As regular readers of this blog (are we up to 6 of you, now?) well know, I am one Baptist who emphasizes our Anabaptist roots more than our roots in English Puritanism or our later Revivalist influences.  And several 16th C. Anabaptist theologians and more recent Mennonite theologians (like John Howard Yoder, J. Denny Weaver, Gayle Gerber Koontz, Duane K. Friesen, Willard Swartley, Mark Theissen Nation, and Mary Schwertz, to name a few) have been influential on my theology, to say the least.  So, I was glad to see a greater connection this peace camp, via Vern Ratzlaff–something that hasn’t happened since we met on the campus of Eastern Mennonite University (Harrisonburg, VA) in the mid-’90s.

It’s also interesting that our Bible study leaders at peace camp for the last 3 years have all been Canadians: Cam Watts, Baptist pastor in Ontario in 2005 (when we met in McMinnville, OR), ex-patriate African-Canadian Baptist Peter J. Paris of Princeton Theological Seminary in 2006 (when we met in Atlanta, GA) and Vern Ratzlaff this year.  Hmm.  I hope our U.S. members are still remembering how to read Scripture!!! 🙂

July 30, 2007 Posted by | anabaptists, Biblical exegesis, peacemaking | 3 Comments

Si Kahn: Folksinger and Labor Organizer

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Sometimes the BPFNA peace camp has interfaith guests as well as ecumenical guests.  Much of our music this year was led by legendary folk singer and labor organizer, Si Kahn, who is Jewish and the son of a rabbi. (Well, last year we had two rabbis with us!) Si has been playing folk music since the 1960s and working with justice organizations since then, too. Currently, in addition to his labor work, he is involved with Grassroots Leadership, a Southern-based national organization working for 25 years to defend democracy, enhance the public good, and stop the erosion of the public sphere.  Si’s major campaign in recent years is to stop and abolish the privatization of prisons in the U.S.  A prison industry (If you build them, they will be filled), often supplying cheap labor for factories inside prisons (slave labor) is a huge erosion of the public good and has contributed since the mid-’90s to the U.S. becoming the nation with the largest percentage of our population under lock and key.  My prayers go with those of Grassroots Leadership in abolishing private prisons and I thank them for sharing Si Kahn with us this week.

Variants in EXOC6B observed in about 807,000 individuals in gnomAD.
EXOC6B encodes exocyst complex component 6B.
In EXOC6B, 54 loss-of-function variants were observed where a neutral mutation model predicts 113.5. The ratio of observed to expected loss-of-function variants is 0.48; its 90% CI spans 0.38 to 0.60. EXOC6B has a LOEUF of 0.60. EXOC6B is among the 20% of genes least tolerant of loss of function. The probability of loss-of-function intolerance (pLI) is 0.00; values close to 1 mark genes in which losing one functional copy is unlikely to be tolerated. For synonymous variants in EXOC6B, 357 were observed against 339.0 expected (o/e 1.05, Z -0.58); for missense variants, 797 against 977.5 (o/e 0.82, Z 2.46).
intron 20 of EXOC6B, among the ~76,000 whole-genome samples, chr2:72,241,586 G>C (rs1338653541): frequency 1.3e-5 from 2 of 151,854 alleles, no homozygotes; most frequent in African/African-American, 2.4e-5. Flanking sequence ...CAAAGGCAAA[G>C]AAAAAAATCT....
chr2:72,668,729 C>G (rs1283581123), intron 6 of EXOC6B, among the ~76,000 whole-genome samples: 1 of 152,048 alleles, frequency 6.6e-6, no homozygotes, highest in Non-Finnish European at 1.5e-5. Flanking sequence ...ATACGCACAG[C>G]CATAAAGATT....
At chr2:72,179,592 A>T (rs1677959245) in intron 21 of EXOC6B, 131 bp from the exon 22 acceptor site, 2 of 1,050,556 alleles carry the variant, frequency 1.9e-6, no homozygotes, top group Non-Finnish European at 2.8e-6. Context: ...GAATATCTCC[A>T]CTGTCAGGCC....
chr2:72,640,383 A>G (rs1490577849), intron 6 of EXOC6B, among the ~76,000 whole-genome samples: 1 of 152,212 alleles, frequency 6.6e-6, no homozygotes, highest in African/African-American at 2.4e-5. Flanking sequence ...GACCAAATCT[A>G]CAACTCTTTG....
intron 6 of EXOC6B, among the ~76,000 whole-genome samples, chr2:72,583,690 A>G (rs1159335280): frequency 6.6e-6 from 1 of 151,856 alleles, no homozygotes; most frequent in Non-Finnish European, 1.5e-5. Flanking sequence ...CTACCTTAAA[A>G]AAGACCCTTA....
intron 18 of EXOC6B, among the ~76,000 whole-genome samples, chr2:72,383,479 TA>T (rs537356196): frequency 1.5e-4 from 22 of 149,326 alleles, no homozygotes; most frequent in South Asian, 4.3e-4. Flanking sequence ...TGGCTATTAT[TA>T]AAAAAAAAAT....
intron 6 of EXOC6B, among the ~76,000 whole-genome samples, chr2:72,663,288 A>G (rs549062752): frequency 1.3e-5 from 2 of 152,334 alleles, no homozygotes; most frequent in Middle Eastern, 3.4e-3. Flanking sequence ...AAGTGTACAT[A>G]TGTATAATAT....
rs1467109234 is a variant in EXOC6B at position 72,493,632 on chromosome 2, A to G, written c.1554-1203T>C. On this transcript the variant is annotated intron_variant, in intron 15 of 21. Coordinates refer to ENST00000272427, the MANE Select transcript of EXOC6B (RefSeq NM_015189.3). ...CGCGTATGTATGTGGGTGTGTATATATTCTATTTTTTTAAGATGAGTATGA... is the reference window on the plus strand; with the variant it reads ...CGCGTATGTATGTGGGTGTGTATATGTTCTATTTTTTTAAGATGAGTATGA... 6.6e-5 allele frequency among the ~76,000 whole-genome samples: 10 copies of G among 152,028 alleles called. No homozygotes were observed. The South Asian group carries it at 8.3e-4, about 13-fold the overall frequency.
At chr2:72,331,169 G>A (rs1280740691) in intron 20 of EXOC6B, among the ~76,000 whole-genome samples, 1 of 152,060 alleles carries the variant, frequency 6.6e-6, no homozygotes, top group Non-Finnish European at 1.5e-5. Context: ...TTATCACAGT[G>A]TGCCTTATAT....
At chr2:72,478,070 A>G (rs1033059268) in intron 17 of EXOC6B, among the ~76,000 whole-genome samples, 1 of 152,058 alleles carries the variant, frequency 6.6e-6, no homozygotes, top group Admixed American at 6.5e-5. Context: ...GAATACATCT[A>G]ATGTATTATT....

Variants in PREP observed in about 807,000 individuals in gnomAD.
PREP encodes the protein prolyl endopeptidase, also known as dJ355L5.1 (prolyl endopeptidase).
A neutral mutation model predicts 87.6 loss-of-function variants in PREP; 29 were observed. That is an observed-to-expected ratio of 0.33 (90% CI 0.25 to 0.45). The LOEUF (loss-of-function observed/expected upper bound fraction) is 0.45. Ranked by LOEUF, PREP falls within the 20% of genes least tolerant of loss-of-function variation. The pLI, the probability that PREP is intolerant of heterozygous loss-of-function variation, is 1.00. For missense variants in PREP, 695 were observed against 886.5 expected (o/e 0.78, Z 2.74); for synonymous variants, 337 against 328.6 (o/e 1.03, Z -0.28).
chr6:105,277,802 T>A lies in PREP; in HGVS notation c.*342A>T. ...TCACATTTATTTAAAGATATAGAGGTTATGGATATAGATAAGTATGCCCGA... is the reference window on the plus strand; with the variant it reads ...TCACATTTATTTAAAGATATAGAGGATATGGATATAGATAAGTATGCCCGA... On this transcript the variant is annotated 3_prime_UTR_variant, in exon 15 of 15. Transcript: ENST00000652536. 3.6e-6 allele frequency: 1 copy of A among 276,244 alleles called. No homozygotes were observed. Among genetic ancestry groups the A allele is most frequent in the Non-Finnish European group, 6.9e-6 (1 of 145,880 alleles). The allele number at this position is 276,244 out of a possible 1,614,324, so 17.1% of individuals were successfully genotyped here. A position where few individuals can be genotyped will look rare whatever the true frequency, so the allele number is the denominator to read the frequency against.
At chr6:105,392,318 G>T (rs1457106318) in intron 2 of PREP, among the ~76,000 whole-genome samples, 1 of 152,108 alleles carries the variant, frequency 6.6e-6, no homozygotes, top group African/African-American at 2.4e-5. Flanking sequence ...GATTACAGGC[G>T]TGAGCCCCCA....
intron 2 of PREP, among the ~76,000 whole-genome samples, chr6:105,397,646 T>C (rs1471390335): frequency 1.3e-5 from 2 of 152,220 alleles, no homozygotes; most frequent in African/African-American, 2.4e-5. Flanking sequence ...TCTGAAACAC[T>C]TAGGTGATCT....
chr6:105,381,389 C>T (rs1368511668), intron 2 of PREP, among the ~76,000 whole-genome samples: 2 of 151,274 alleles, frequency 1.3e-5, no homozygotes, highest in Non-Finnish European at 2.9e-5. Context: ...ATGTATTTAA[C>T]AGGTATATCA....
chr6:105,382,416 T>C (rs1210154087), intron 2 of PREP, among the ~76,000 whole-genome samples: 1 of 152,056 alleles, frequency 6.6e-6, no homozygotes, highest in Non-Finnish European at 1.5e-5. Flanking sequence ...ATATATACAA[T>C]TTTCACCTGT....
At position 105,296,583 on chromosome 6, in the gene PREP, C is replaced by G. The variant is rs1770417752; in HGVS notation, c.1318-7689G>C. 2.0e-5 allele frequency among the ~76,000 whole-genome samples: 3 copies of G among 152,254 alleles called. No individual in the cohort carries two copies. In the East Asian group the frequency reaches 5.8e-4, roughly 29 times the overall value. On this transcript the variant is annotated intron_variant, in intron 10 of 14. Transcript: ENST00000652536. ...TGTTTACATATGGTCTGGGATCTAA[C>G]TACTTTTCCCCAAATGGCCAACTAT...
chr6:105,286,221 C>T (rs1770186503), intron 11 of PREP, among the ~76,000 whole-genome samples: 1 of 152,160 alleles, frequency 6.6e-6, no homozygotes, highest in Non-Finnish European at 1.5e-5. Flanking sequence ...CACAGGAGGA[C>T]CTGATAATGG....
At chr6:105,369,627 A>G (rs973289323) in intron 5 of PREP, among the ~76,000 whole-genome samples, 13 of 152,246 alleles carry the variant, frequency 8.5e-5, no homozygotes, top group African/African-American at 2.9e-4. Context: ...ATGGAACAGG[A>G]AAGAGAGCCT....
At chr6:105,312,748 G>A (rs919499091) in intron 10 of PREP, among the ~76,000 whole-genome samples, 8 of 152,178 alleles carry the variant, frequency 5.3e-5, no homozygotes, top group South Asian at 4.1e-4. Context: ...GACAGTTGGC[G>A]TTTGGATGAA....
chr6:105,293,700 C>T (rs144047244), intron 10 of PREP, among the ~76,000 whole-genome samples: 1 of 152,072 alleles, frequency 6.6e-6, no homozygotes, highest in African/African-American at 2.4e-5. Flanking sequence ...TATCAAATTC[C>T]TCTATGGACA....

July 30, 2007 Posted by | music, peacemaking | Comments Off on Si Kahn: Folksinger and Labor Organizer

Down to Earth in Concert

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Kate Sanders and Paul Whitely, Jr.  are the husband and wife duo known professionally as Down to Earth.  They have been making music together since meeting as students at Georgetown College (a Baptist college in Kentucky not to be confused with the Catholic-run Georgetown University in Washington, D.C.).  Paul has an M.Div. from the Southern Baptist Theological Seminary in Louisville and Kate has an M.A. in music education from the University of Louisville.  Kate Sanders is a poet, songwriter, and composer who plays several instruments. At last year’s annual Kentucky Folk Music Festival, Kate came just to observe and, at the last minute, entered the dulcimer competition–and took first place!  Among her musical competitions is her own setting of Mary’s Magnificat and a tribute to Oscar Romero.  She is also a social worker.

Paul Whitely, Jr. is an ordained Baptist minister who earns his living as a union organizer–mostly organizing poultry workers in Eastern Kentucky. (This is hard because the Powers conspire to turn people against each other so that they can more easily be exploited.  After several textile mills were moved to Mexico from Eastern Kentucky–devastating the local economies for the sake of global capital–the Commonwealth of Kentucky offered huge tax incentives to poultry plants to move in and provide jobs for the area. The companies took the tax incentives and moved in, but, instead of hiring all local labor, stationed “recruiters” on the Texas-Mexico border and brought up cheap immigrant labor–often undocumented aliens, to fill the poultry jobs.  Needless to say, this has led to much Anglo-Latino tension among workers who should be organized to work together for better wages and working conditions. Divide and conquer is an old strategy, but still effective.) Prior to becoming a labor organizer, Paul worked for Jobs with Justice, a national people’s campaign for jobs that pay living wages for all.  He is also guitar player, singer, and songwriter who uses music in organizing for peace and justice.  Paul and Kate are the volunteer Ministers of Music at Jeff Street Baptist Community at Liberty–my church.  Together, they are raising two children, Martin and Sophia.  Down to Earth specializes in music of faith and social struggle.  Their first CD is finished and will be available soon.